Why Was Sonny Bono Eulogized in a Catholic Church?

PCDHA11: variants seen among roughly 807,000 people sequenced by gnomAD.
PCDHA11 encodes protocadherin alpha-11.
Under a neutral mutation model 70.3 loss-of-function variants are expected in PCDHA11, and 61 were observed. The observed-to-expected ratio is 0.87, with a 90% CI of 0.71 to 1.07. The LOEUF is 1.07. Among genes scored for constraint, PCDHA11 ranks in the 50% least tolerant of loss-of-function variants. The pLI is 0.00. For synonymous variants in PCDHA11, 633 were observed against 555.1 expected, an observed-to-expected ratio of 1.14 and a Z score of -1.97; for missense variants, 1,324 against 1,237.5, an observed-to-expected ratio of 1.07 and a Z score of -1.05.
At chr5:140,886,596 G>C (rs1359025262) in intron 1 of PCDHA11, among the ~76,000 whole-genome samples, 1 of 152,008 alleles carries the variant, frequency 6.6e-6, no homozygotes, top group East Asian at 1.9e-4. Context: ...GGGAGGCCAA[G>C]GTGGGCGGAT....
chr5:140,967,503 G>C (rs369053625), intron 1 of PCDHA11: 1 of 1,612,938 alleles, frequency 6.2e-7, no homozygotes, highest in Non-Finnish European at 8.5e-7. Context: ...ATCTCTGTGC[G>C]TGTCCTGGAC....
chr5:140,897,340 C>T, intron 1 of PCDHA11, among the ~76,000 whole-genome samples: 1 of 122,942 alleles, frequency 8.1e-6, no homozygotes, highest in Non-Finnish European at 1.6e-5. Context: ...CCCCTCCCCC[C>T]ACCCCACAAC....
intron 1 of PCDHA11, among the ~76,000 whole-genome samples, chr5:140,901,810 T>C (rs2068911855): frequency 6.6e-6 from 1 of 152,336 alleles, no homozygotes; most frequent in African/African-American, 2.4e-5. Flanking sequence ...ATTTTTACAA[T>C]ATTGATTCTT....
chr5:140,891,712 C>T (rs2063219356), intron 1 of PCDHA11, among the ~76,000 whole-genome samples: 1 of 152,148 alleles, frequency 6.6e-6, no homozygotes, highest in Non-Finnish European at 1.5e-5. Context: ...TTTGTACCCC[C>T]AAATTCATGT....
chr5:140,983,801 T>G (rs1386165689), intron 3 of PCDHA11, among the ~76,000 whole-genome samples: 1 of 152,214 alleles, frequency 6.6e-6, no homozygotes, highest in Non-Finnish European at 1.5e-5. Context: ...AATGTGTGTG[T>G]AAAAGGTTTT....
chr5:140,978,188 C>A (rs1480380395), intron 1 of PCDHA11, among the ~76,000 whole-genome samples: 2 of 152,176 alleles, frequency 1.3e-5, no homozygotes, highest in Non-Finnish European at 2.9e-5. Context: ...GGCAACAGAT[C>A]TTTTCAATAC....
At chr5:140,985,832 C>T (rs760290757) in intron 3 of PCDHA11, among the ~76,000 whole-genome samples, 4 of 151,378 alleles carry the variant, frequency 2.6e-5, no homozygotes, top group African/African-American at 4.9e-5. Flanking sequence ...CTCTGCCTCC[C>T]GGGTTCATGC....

In the HERALD recently was an article on Sonny Bono. Everyone eulogized him at a Catholic funeral Mass and the closing paragraph told us that he had four wives. How can I explain to my Protestant friend who is scandalized and asks me, "How can this be. I thought Catholics didn't allow divorce and remarriage?" I myself am scandalized as are other Catholics and young people who see this as an accepted thing. Other prominent Catholics who died recently had the same treatment, even though they openly did not live according to God's law. — A reader in Leesburg. The Sonny Bono funeral and the article in the HERALD prompted many readers to write to "Straight Answers" on this matter. l did address the substance of this matter earlier this fall when several readers asked similar questions regarding the funeral services for both Giani Versace and Justice William Brennan. So first, we need to refresh ourselves about the Church's stance in these situations. The "Code of Canon Law" provides the regulations concerning the offering of funeral Masses and the Rites of Christian Burial. In general, the faithfully departed Catholic has a right to proper Church burial. The funeral rites of the Church are intended not only to implore the Lord's mercy for the faithfully departed and to honor his body in burial, but also to provide solace to the living family members and other remaining survivors. (Confer Canon No. 1183). However, the following individuals are to be deprived of both a funeral Mass and the Rites of Christian Burial unless they have shown some sign of repentance before their death: (1) know heretics. and schismatics; (2) individuals who purposely chose to have their bodies cremated for a reason opposed to the Christian faith, i.e. a denial of the resurrection of the body; (3) or other "manifest sinners" for whom the offering of a funeral Mass and the Rites of Christian Burial would cause scandal among the faithful. Regarding these cases, the local bishop should be consulted, particularly when there is doubt, and his judgment should be followed. (Confer Canon No. 1184) These succinct guidelines govern the Bono case. Before continuing, we must keep in mind a very serious caution: We entrust the judgment of anyone's soul to the Lord, who alone knows its depths and who renders His divine and perfect justice. None of us may comment on the state of Sonny Bono's soul at the time of his death. The fact that Sonny Bono was married and divorced three times, and then survived by his fourth wife at first hearing makes us think of category No. 3 above. (Please note that I do not know any of the particulars of this man's personal history.) However. we must be mindful that Sonny Bono's married life may have followed two possible courses: First, he may have received proper Declarations of Nullity for those first three marriages and was then validly married in the Catholic Church. Second, he, a baptized Catholic, may have entered into his first re-marriages outside of the Catholic Church which would mean they were not recognized at all; after a proper declaration from the Church and repentance, he would then be able to validly enter his last marriage, which was not technically his first in the civil sense but was his first in the eyes of the Church. We must remember that the Tribunal of a Diocese that would handle these marriage situations would not comment publicly to preserve confidentiality. I would presume that since he received a funeral Mass and the Rite of Christian Burial, his last marriage was a valid marriage and he had at least a minimal affiliation with the Catholic Church. Perhaps in his latter years and because of this last marriage, Sonny Bono had a sincere conversion. In all, we do not know the details so we must rely on the prudent judgment of the local bishop. Nevertheless, the question remains whether the offering of the funeral Mass and the Rites of Christian Burial have caused public scandal. Our Lord warned, "Whoever causes one of my little ones who believe in me to sin, it would be better for him to have a great millstone fastened round his neck and to be drowned in the depth of the sea" (Mt 18:6). Church authorities must be careful. While silence about Sonny's private life may protect his privacy "and that of his family" it also tempts us to think the worst in light of his past history. Couple this silence with the events surrounding Sonny's funeral. Since he was an entertainer for years and now a representative in Congress, he attracted the attention of the media. Various individuals, such as Newt Gingrich and Sonny's first wife, Cher, provided eulogies, though more from the secular bent than the spiritual. Such displays could be construed to give tacit approval to every aspect of a whole person's life, which hereupon could be seen to undermining or ignoring Church teaching regarding marriage. Here perhaps is where the scandal arose, and the faithful Catholic asks, "What is going on? Why should I bother to follow the teachings of the Church? We too must ask, "Has the funeral become the canonization?. Prudence would have dictated a private funeral Mass and burial attended by family and close friends. A memorial service where all of the dignitaries spoke could have been offered separately. The media could have been banned from the Church to prevent exploitation and distortion of the situation. The homily could have emphasized several points; the call to conform our lives to the Gospel message; the need for constant repentance of sin, conversion, and penance; the preparation for death and Judgment: the importance of praying for the repose of the soul that may be undergoing the pain of purgatory; and the need to trust in the infinite mercy of our Lord, who forgave the repentant thief and even His own persecutors. The assembled congregation could have prayed for the repose of Sonny's soul and the healing of his family. In my judgment, this would have been the best course of action. This situation and any similar one is delicate to say the least. We too are called to forgive, to give the benefit of the doubt, and to pray for the repose of the soul of the departed, saint or sinner. Nevertheless, we must also be prudent dent and show good discretion so as not to ve scandal and in any way dilute the teachings of the Church. Fr. Saunders is dean of the Notre Dame Graduate School of Christendom College and pastor of Queen of Apostles Parish, both in Alexandria. Copyright ?1997 Arlington Catholic Herald, Inc. All rights reserved.